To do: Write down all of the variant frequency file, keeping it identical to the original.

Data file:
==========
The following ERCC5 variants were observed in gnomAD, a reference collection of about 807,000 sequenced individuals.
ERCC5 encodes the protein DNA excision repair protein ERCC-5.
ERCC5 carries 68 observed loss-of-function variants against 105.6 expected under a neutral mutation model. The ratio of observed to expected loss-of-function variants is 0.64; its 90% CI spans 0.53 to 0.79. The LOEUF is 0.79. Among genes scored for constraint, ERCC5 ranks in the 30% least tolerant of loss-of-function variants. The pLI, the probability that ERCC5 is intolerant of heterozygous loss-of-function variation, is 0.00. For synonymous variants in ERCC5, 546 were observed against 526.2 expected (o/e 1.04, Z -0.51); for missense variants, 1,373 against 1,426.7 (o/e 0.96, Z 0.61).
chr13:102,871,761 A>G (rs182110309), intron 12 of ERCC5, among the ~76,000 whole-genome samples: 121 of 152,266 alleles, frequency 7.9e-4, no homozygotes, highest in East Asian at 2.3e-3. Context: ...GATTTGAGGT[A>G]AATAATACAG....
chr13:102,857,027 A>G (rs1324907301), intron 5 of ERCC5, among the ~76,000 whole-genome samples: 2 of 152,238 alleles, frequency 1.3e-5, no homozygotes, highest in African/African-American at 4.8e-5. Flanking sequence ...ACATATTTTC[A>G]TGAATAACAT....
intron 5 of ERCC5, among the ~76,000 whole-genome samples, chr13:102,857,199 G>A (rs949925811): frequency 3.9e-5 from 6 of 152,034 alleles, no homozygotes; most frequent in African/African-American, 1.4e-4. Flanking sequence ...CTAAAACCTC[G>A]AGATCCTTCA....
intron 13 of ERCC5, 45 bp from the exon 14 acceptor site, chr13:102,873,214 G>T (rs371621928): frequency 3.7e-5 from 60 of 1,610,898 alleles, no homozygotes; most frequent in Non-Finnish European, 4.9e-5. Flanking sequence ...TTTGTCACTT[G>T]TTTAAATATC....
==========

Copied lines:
The following ERCC5 variants were observed in gnomAD, a reference collection of about 807,000 sequenced individuals.
ERCC5 encodes the protein DNA excision repair protein ERCC-5.
ERCC5 carries 68 observed loss-of-function variants against 105.6 expected under a neutral mutation model. The ratio of observed to expected loss-of-function variants is 0.64; its 90% CI spans 0.53 to 0.79. The LOEUF is 0.79. Among genes scored for constraint, ERCC5 ranks in the 30% least tolerant of loss-of-function variants. The pLI, the probability that ERCC5 is intolerant of heterozygous loss-of-function variation, is 0.00. For synonymous variants in ERCC5, 546 were observed against 526.2 expected (o/e 1.04, Z -0.51); for missense variants, 1,373 against 1,426.7 (o/e 0.96, Z 0.61).
chr13:102,871,761 A>G (rs182110309), intron 12 of ERCC5, among the ~76,000 whole-genome samples: 121 of 152,266 alleles, frequency 7.9e-4, no homozygotes, highest in East Asian at 2.3e-3. Context: ...GATTTGAGGT[A>G]AATAATACAG....
chr13:102,857,027 A>G (rs1324907301), intron 5 of ERCC5, among the ~76,000 whole-genome samples: 2 of 152,238 alleles, frequency 1.3e-5, no homozygotes, highest in African/African-American at 4.8e-5. Flanking sequence ...ACATATTTTC[A>G]TGAATAACAT....
intron 5 of ERCC5, among the ~76,000 whole-genome samples, chr13:102,857,199 G>A (rs949925811): frequency 3.9e-5 from 6 of 152,034 alleles, no homozygotes; most frequent in African/African-American, 1.4e-4. Flanking sequence ...CTAAAACCTC[G>A]AGATCCTTCA....
intron 13 of ERCC5, 45 bp from the exon 14 acceptor site, chr13:102,873,214 G>T (rs371621928): frequency 3.7e-5 from 60 of 1,610,898 alleles, no homozygotes; most frequent in Non-Finnish European, 4.9e-5. Flanking sequence ...TTTGTCACTT[G>T]TTTAAATATC....